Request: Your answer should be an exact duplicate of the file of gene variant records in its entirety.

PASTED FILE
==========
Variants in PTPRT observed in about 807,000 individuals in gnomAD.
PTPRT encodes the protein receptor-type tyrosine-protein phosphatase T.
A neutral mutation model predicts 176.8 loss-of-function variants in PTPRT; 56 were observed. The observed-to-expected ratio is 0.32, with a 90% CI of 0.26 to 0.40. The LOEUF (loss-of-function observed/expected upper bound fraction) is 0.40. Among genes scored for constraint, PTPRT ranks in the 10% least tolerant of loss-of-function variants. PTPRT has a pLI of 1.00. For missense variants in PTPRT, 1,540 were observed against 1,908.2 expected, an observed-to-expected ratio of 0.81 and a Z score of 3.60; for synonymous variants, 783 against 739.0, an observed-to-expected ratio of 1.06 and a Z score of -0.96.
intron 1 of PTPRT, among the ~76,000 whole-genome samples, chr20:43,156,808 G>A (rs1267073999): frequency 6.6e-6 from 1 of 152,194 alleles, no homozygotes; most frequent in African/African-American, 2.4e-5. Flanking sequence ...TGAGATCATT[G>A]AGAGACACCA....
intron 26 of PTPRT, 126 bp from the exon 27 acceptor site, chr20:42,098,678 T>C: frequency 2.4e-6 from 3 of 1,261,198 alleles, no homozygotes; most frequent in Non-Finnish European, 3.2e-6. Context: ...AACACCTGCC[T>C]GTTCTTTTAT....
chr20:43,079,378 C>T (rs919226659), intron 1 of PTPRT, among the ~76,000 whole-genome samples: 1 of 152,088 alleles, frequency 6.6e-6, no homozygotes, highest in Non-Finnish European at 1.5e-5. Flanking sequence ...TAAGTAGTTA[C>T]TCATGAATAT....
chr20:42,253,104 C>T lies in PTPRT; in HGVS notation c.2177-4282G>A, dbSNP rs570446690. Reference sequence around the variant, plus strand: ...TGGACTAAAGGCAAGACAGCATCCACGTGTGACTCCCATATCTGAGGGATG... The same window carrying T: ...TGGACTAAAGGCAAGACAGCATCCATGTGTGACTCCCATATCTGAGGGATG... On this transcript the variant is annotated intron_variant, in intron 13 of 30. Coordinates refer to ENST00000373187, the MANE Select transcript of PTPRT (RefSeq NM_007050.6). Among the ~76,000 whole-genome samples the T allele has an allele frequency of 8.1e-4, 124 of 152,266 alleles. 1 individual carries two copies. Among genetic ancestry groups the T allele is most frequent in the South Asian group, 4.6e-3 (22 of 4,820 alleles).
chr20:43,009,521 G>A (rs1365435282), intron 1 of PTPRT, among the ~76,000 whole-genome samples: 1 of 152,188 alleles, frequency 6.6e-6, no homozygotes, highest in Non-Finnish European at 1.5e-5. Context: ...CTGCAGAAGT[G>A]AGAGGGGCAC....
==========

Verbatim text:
Variants in PTPRT observed in about 807,000 individuals in gnomAD.
PTPRT encodes the protein receptor-type tyrosine-protein phosphatase T.
A neutral mutation model predicts 176.8 loss-of-function variants in PTPRT; 56 were observed. The observed-to-expected ratio is 0.32, with a 90% CI of 0.26 to 0.40. The LOEUF (loss-of-function observed/expected upper bound fraction) is 0.40. Among genes scored for constraint, PTPRT ranks in the 10% least tolerant of loss-of-function variants. PTPRT has a pLI of 1.00. For missense variants in PTPRT, 1,540 were observed against 1,908.2 expected, an observed-to-expected ratio of 0.81 and a Z score of 3.60; for synonymous variants, 783 against 739.0, an observed-to-expected ratio of 1.06 and a Z score of -0.96.
intron 1 of PTPRT, among the ~76,000 whole-genome samples, chr20:43,156,808 G>A (rs1267073999): frequency 6.6e-6 from 1 of 152,194 alleles, no homozygotes; most frequent in African/African-American, 2.4e-5. Flanking sequence ...TGAGATCATT[G>A]AGAGACACCA....
intron 26 of PTPRT, 126 bp from the exon 27 acceptor site, chr20:42,098,678 T>C: frequency 2.4e-6 from 3 of 1,261,198 alleles, no homozygotes; most frequent in Non-Finnish European, 3.2e-6. Context: ...AACACCTGCC[T>C]GTTCTTTTAT....
chr20:43,079,378 C>T (rs919226659), intron 1 of PTPRT, among the ~76,000 whole-genome samples: 1 of 152,088 alleles, frequency 6.6e-6, no homozygotes, highest in Non-Finnish European at 1.5e-5. Flanking sequence ...TAAGTAGTTA[C>T]TCATGAATAT....
chr20:42,253,104 C>T lies in PTPRT; in HGVS notation c.2177-4282G>A, dbSNP rs570446690. Reference sequence around the variant, plus strand: ...TGGACTAAAGGCAAGACAGCATCCACGTGTGACTCCCATATCTGAGGGATG... The same window carrying T: ...TGGACTAAAGGCAAGACAGCATCCATGTGTGACTCCCATATCTGAGGGATG... On this transcript the variant is annotated intron_variant, in intron 13 of 30. Coordinates refer to ENST00000373187, the MANE Select transcript of PTPRT (RefSeq NM_007050.6). Among the ~76,000 whole-genome samples the T allele has an allele frequency of 8.1e-4, 124 of 152,266 alleles. 1 individual carries two copies. Among genetic ancestry groups the T allele is most frequent in the South Asian group, 4.6e-3 (22 of 4,820 alleles).
chr20:43,009,521 G>A (rs1365435282), intron 1 of PTPRT, among the ~76,000 whole-genome samples: 1 of 152,188 alleles, frequency 6.6e-6, no homozygotes, highest in Non-Finnish European at 1.5e-5. Context: ...CTGCAGAAGT[G>A]AGAGGGGCAC....